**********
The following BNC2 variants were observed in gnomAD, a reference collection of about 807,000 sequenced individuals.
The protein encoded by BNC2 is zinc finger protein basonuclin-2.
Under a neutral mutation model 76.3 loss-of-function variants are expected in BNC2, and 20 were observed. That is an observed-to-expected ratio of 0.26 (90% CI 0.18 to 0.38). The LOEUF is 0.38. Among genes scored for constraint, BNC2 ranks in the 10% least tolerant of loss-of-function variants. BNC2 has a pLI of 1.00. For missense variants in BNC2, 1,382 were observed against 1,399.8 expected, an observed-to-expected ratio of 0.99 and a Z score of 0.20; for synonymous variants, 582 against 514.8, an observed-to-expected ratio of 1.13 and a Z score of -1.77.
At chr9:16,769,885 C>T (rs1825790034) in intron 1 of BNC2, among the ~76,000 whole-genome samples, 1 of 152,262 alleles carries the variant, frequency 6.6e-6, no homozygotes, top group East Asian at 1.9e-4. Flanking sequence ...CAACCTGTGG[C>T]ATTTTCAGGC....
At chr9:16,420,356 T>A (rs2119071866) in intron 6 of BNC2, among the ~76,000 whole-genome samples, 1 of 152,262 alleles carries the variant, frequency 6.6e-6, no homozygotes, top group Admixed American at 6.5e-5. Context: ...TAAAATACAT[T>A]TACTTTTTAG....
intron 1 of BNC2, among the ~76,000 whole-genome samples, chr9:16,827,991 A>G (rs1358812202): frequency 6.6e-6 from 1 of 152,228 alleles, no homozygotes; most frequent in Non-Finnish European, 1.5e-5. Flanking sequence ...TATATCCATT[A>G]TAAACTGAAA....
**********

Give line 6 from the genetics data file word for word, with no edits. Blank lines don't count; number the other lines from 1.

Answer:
intron 1 of BNC2, among the ~76,000 whole-genome samples, chr9:16,827,991 A>G (rs1358812202): frequency 6.6e-6 from 1 of 152,228 alleles, no homozygotes; most frequent in Non-Finnish European, 1.5e-5. Flanking sequence ...TATATCCATT[A>G]TAAACTGAAA....